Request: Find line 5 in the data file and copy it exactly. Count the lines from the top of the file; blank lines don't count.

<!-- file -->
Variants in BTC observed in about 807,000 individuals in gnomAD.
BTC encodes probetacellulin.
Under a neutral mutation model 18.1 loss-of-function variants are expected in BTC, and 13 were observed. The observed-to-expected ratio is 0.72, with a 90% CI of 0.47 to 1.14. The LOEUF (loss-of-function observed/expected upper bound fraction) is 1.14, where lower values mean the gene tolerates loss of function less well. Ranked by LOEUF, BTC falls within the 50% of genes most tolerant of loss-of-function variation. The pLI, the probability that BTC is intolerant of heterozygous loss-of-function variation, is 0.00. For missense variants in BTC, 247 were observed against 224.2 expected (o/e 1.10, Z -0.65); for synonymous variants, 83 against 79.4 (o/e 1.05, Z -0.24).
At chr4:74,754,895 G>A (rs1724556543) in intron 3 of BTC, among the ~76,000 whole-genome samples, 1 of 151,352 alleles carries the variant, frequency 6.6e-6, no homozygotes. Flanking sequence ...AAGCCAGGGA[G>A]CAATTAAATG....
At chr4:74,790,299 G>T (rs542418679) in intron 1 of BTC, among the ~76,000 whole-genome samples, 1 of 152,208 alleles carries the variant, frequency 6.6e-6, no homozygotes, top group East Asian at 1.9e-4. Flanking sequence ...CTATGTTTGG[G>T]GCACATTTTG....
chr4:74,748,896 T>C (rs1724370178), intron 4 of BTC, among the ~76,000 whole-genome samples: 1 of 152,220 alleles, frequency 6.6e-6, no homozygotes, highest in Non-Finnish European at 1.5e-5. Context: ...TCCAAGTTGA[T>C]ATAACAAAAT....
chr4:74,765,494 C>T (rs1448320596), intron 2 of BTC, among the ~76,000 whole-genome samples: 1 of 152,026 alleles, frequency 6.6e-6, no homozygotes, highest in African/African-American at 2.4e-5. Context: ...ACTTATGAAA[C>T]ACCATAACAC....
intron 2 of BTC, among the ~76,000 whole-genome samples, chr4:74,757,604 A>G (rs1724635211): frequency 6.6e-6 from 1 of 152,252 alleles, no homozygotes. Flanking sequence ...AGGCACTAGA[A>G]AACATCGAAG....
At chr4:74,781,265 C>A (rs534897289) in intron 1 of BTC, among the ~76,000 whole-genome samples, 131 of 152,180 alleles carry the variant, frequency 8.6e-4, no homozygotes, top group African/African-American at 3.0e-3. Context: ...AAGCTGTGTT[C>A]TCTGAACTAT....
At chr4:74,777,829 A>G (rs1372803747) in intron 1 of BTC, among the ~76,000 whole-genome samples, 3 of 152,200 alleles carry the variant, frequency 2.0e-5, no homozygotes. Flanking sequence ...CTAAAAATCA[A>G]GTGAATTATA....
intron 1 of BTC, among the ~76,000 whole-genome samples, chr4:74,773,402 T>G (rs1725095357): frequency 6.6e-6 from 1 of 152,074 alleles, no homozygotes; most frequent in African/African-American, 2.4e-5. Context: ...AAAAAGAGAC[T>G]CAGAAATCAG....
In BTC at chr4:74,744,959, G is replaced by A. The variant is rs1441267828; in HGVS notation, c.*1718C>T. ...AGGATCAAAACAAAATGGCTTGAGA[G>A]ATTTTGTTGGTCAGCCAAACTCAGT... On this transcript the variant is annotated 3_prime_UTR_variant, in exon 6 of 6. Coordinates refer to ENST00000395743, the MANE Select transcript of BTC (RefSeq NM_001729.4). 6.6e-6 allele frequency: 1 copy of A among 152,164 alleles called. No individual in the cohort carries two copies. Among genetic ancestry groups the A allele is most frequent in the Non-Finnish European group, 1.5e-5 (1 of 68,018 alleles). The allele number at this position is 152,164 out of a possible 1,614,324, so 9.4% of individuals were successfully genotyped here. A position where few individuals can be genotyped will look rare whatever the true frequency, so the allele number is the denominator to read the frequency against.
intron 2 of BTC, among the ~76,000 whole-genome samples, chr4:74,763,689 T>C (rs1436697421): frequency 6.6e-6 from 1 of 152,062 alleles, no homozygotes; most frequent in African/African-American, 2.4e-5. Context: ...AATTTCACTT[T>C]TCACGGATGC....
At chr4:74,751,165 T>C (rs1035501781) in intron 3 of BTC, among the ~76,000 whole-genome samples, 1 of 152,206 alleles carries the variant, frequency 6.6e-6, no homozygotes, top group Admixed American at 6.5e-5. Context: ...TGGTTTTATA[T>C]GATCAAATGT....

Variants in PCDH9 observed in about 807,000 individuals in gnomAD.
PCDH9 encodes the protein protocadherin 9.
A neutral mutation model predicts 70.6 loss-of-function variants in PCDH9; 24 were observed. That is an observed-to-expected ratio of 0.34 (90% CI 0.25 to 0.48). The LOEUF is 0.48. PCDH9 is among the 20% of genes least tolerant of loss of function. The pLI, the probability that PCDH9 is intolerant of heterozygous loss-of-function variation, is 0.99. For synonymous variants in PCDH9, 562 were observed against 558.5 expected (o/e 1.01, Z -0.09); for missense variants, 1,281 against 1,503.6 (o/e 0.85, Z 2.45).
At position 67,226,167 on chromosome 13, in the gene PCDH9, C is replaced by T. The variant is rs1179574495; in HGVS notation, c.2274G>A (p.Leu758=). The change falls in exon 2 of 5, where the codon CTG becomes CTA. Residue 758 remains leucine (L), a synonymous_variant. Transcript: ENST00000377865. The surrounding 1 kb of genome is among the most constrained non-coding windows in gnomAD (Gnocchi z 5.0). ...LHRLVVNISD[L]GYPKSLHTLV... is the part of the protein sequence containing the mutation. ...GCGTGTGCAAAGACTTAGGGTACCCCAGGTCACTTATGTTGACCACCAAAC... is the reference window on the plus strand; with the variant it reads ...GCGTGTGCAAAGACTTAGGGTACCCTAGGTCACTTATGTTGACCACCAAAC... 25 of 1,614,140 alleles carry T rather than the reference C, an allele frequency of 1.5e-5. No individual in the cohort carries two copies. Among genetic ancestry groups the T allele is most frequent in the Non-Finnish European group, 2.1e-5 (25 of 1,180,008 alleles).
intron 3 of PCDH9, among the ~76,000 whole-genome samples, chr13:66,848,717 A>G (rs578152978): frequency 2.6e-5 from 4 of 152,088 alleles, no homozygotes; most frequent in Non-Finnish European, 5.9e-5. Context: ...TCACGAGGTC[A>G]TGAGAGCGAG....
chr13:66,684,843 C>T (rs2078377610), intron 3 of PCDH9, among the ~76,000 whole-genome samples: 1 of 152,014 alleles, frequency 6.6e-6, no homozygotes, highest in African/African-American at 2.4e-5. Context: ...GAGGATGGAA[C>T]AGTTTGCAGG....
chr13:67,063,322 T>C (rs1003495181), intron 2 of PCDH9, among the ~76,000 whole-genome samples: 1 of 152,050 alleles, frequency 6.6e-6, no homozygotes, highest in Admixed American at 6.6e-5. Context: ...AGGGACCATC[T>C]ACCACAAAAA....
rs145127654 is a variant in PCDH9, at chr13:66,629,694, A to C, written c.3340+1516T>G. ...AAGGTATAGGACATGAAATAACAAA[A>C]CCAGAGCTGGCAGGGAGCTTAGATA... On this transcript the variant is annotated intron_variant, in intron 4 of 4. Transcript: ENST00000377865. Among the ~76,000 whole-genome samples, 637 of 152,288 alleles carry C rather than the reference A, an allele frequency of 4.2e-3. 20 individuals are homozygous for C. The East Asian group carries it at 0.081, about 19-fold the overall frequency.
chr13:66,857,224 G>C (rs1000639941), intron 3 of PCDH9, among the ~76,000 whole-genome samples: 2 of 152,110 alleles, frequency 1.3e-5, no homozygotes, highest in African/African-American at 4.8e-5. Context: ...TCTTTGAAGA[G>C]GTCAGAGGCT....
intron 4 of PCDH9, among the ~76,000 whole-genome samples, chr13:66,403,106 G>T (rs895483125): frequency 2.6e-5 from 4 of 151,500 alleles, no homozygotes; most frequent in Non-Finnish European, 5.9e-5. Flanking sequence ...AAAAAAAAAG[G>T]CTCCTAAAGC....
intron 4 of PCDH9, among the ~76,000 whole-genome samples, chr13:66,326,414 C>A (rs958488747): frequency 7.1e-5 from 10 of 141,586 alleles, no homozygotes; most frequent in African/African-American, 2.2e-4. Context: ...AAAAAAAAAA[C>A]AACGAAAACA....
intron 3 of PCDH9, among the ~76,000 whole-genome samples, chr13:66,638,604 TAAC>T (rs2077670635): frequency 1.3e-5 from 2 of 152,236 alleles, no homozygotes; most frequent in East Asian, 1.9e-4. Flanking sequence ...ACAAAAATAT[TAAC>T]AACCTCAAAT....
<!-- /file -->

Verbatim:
At chr4:74,790,299 G>T (rs542418679) in intron 1 of BTC, among the ~76,000 whole-genome samples, 1 of 152,208 alleles carries the variant, frequency 6.6e-6, no homozygotes, top group East Asian at 1.9e-4. Flanking sequence ...CTATGTTTGG[G>T]GCACATTTTG....